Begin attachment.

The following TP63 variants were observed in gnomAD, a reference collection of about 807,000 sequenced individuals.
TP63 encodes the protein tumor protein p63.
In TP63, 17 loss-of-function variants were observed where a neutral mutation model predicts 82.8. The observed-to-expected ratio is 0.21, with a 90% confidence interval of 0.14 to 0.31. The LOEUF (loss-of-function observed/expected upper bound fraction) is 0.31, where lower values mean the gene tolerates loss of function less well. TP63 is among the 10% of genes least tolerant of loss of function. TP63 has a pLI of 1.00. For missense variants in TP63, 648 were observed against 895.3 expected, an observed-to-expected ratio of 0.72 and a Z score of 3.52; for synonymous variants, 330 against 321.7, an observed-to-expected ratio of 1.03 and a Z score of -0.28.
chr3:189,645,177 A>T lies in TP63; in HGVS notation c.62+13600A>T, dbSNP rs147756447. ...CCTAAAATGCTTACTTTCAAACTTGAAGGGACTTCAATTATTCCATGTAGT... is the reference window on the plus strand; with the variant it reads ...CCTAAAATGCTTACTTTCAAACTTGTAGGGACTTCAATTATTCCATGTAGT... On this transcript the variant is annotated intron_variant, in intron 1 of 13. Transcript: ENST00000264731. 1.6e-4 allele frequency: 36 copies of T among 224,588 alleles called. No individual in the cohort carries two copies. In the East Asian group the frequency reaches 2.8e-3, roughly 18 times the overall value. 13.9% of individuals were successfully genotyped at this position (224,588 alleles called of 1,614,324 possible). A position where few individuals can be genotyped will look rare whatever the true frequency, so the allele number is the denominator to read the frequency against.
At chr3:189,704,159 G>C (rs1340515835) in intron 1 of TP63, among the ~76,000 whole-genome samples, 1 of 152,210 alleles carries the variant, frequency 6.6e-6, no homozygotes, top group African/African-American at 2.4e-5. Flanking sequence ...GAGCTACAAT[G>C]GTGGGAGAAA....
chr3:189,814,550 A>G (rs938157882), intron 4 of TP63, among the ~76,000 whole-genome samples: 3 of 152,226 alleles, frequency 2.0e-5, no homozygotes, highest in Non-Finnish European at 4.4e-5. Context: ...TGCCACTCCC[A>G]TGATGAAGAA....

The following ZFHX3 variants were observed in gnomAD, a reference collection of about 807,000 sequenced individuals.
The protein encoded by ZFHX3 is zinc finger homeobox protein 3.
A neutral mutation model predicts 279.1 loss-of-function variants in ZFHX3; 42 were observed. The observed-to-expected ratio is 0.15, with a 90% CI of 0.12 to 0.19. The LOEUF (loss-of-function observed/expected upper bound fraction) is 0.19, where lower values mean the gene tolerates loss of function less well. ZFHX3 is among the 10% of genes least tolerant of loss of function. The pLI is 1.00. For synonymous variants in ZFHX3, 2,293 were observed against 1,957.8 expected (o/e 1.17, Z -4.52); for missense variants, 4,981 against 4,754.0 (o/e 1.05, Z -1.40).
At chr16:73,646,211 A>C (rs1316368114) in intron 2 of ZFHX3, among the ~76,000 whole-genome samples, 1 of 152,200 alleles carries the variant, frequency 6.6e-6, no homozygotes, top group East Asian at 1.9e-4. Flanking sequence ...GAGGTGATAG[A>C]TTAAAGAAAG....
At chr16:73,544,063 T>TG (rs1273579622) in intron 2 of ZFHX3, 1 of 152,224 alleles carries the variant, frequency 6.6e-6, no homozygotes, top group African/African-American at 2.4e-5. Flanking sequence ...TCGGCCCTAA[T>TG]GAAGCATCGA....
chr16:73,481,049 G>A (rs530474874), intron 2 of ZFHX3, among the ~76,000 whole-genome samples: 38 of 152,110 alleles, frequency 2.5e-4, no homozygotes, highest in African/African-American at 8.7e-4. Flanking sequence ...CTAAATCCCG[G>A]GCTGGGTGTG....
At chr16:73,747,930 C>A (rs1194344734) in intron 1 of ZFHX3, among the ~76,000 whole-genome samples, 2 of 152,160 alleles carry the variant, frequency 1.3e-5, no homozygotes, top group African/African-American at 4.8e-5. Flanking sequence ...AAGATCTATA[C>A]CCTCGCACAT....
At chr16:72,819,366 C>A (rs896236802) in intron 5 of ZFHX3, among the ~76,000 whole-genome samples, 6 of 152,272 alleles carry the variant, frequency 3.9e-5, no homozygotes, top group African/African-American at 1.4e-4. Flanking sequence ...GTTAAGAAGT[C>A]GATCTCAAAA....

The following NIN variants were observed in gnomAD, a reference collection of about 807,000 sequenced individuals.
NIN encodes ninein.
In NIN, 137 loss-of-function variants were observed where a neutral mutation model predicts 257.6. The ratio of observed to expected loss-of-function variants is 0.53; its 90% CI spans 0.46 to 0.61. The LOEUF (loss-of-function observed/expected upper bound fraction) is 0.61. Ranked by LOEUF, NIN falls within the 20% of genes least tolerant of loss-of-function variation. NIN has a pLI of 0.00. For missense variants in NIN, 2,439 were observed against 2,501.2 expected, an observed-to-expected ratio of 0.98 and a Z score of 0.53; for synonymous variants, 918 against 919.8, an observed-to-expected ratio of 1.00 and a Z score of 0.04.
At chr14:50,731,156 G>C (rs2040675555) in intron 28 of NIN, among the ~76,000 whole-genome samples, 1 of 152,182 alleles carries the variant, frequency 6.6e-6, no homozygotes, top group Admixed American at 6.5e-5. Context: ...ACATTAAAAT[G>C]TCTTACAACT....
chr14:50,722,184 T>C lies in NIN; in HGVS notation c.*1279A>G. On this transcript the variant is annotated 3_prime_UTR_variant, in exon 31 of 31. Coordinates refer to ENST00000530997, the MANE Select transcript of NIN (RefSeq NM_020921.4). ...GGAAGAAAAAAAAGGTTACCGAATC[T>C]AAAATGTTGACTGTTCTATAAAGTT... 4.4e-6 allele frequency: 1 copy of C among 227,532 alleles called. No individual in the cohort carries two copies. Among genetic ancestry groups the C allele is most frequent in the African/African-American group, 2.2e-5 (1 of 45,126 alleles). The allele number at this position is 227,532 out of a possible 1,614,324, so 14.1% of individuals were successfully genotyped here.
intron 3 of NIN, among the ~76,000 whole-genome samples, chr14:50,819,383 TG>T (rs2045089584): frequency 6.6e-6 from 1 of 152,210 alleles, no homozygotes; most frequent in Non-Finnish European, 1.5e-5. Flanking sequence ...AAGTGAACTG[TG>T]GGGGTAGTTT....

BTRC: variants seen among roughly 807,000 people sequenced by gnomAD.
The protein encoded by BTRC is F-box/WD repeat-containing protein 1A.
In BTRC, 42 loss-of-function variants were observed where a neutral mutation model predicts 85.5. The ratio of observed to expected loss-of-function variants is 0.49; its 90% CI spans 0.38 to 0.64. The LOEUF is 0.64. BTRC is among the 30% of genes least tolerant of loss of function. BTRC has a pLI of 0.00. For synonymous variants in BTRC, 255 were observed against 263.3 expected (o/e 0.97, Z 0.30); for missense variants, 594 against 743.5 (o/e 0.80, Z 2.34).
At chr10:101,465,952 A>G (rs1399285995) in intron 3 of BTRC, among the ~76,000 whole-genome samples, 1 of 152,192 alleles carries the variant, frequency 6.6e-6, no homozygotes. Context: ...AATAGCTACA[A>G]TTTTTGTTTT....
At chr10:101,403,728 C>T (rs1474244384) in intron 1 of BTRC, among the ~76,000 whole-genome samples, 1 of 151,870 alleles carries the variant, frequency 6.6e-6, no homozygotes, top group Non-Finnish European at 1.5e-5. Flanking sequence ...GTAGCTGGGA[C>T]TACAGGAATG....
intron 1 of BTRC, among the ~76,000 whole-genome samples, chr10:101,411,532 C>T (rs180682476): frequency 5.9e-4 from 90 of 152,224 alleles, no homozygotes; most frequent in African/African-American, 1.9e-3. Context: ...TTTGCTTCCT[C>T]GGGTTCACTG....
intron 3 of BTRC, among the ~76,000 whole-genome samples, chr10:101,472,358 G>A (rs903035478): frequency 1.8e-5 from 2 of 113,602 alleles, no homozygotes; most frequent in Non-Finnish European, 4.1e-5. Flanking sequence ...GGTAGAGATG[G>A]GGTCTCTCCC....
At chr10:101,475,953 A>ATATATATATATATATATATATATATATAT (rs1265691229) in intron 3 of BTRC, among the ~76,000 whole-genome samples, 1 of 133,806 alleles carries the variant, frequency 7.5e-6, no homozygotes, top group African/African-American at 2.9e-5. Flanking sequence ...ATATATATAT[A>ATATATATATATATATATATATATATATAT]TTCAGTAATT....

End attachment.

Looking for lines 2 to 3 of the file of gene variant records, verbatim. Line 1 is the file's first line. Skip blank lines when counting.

TP63 encodes the protein tumor protein p63.
In TP63, 17 loss-of-function variants were observed where a neutral mutation model predicts 82.8. The observed-to-expected ratio is 0.21, with a 90% confidence interval of 0.14 to 0.31. The LOEUF (loss-of-function observed/expected upper bound fraction) is 0.31, where lower values mean the gene tolerates loss of function less well. TP63 is among the 10% of genes least tolerant of loss of function. TP63 has a pLI of 1.00. For missense variants in TP63, 648 were observed against 895.3 expected, an observed-to-expected ratio of 0.72 and a Z score of 3.52; for synonymous variants, 330 against 321.7, an observed-to-expected ratio of 1.03 and a Z score of -0.28.